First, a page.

About Us   |   Advertise

Using Your WiFi to Sell to Your Customers



Using Gazella WiFi to Sell to Your Customers

These days, if you run a coffee shop or restaurant, you have to offer free WiFi service to your customers or you will lose them to competitors. For most food establishments that means that WiFi is just another cost of doing business.

But it doesn’t have to be.



Enter Gazella Wifi

Gazella Wifi, an Omaha, Nebraska-based startup, has figured out a way to turn free WiFi from a cost into a loss leader. The company provides businesses with a modified WiFi router that requires their customers to provide their email or Facebook addresses to obtain WiFi access.

That simple step allows the establishments to bring in more customers. Redirecting customers to a home page and gathering email and Facebook addresses of customers is a powerful marketing tool. It allows businesses to get more Facebook likes; send more coupons to customers; encourage more app downloads; cross-promote establishments; and reward customers for repeat visits. And as you no doubt know, bringing your customers back more often boosts your revenues and, consequently, your business’s bottom line.

The name of the game in marketing is to keep your business top of mind with customers. Sending a BOGO coupon isn’t about pushing your customers to run out to your establishment, but, rather, to keep your company in their “consideration set” when they are thinking of going out for a coffee or heading out for lunch.

Because people only choose to patronize establishments in their consideration set, getting promotional materials out to customers is key. With the rising amount of time people spend on their computers and mobile devices that means reaching them through Facebook or email. Using the USPS for that is a couple of decades out of date.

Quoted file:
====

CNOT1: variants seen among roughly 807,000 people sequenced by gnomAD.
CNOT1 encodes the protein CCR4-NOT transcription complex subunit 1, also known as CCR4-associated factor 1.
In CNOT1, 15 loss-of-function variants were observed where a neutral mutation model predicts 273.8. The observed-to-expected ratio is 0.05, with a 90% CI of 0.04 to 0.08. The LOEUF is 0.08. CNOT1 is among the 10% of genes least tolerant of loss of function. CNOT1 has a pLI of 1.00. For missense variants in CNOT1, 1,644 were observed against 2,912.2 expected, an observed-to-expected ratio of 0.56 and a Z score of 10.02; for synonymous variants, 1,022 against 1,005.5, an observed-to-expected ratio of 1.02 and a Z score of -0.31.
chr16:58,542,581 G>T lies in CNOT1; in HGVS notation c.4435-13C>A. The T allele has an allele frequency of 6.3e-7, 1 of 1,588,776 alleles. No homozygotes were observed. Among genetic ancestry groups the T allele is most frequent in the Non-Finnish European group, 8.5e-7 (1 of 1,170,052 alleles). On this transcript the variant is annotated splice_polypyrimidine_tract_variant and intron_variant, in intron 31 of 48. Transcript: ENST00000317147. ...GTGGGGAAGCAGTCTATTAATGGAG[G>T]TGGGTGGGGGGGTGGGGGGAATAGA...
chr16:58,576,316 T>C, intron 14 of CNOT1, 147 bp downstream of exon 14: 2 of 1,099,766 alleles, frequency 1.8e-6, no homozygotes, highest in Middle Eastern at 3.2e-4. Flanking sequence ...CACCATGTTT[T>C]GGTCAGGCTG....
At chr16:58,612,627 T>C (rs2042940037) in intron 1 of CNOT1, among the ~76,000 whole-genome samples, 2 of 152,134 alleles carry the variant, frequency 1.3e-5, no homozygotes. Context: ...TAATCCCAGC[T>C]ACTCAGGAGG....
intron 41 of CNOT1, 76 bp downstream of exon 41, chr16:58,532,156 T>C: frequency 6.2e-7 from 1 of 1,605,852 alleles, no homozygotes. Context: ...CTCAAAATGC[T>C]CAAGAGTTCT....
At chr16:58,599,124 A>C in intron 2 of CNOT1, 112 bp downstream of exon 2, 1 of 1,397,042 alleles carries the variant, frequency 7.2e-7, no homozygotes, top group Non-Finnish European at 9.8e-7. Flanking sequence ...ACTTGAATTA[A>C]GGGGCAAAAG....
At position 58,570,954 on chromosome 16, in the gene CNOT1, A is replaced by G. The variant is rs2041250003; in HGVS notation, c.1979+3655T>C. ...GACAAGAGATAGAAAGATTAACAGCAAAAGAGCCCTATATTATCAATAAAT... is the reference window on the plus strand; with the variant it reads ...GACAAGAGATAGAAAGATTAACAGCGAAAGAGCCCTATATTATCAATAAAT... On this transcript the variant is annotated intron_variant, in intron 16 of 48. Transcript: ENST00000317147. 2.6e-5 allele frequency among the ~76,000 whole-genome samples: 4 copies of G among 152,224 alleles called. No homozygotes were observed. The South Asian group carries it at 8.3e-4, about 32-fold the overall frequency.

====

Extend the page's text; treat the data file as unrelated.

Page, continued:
Mickey Spillanes, is a bar and restaurant in Eastchester, New York, where you can get the kind of fish and chips and corned beef they make in Ireland. The company used the Gazella system to supplement their social media campaigns and email marketing. They send out coupons to all the Facebook accounts and email addresses they have gathered from their free WiFi signups. That keeps them top of mind with customers and helps boost sales.

Dudley’s Pizza is a great Omaha, Nebraska pizza place offering pies with 20 different toppings, five sauces and four cheeses. They use the Gazella system to promote their movie theater next door. Knowing the email addresses of their customers allows Dudley’s to suggest that customers try taking their kids out to see the G-rated movie when it comes to town, or having a pizza and a flick for date night.

You can use a Gazella system to set up automatic triggers that reward, alert and retain customers. Think that contacting customers after the first, third visit or tenth visit makes sense? Set up automatic email messages to customers. Worried that people haven’t come in a while? Reach out to customers who haven’t visited for a while with reminder emails after whatever time period you set.